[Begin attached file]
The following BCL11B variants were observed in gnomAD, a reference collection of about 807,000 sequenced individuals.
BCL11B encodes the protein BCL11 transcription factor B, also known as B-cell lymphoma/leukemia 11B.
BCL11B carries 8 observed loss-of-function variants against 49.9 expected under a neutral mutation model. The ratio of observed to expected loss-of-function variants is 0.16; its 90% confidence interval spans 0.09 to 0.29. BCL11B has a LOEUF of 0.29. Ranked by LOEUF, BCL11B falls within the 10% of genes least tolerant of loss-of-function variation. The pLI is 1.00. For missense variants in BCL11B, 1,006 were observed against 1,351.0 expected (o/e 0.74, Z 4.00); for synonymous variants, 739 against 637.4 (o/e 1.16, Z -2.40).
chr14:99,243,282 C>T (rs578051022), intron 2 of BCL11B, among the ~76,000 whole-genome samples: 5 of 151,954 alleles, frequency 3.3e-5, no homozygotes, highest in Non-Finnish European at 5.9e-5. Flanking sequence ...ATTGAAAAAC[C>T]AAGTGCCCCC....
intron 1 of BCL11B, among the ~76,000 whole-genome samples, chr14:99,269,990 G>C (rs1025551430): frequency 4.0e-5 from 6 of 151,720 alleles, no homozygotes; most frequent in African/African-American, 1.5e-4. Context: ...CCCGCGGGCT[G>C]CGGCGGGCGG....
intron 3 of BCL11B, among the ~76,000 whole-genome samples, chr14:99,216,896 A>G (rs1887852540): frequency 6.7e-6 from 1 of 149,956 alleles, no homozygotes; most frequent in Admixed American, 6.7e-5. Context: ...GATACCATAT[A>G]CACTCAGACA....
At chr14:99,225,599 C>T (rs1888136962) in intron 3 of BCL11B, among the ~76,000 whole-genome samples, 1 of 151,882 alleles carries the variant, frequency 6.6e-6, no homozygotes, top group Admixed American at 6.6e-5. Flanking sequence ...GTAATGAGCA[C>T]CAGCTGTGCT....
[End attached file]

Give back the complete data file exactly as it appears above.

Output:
The following BCL11B variants were observed in gnomAD, a reference collection of about 807,000 sequenced individuals.
BCL11B encodes the protein BCL11 transcription factor B, also known as B-cell lymphoma/leukemia 11B.
BCL11B carries 8 observed loss-of-function variants against 49.9 expected under a neutral mutation model. The ratio of observed to expected loss-of-function variants is 0.16; its 90% confidence interval spans 0.09 to 0.29. BCL11B has a LOEUF of 0.29. Ranked by LOEUF, BCL11B falls within the 10% of genes least tolerant of loss-of-function variation. The pLI is 1.00. For missense variants in BCL11B, 1,006 were observed against 1,351.0 expected (o/e 0.74, Z 4.00); for synonymous variants, 739 against 637.4 (o/e 1.16, Z -2.40).
chr14:99,243,282 C>T (rs578051022), intron 2 of BCL11B, among the ~76,000 whole-genome samples: 5 of 151,954 alleles, frequency 3.3e-5, no homozygotes, highest in Non-Finnish European at 5.9e-5. Flanking sequence ...ATTGAAAAAC[C>T]AAGTGCCCCC....
intron 1 of BCL11B, among the ~76,000 whole-genome samples, chr14:99,269,990 G>C (rs1025551430): frequency 4.0e-5 from 6 of 151,720 alleles, no homozygotes; most frequent in African/African-American, 1.5e-4. Context: ...CCCGCGGGCT[G>C]CGGCGGGCGG....
intron 3 of BCL11B, among the ~76,000 whole-genome samples, chr14:99,216,896 A>G (rs1887852540): frequency 6.7e-6 from 1 of 149,956 alleles, no homozygotes; most frequent in Admixed American, 6.7e-5. Context: ...GATACCATAT[A>G]CACTCAGACA....
At chr14:99,225,599 C>T (rs1888136962) in intron 3 of BCL11B, among the ~76,000 whole-genome samples, 1 of 151,882 alleles carries the variant, frequency 6.6e-6, no homozygotes, top group Admixed American at 6.6e-5. Flanking sequence ...GTAATGAGCA[C>T]CAGCTGTGCT....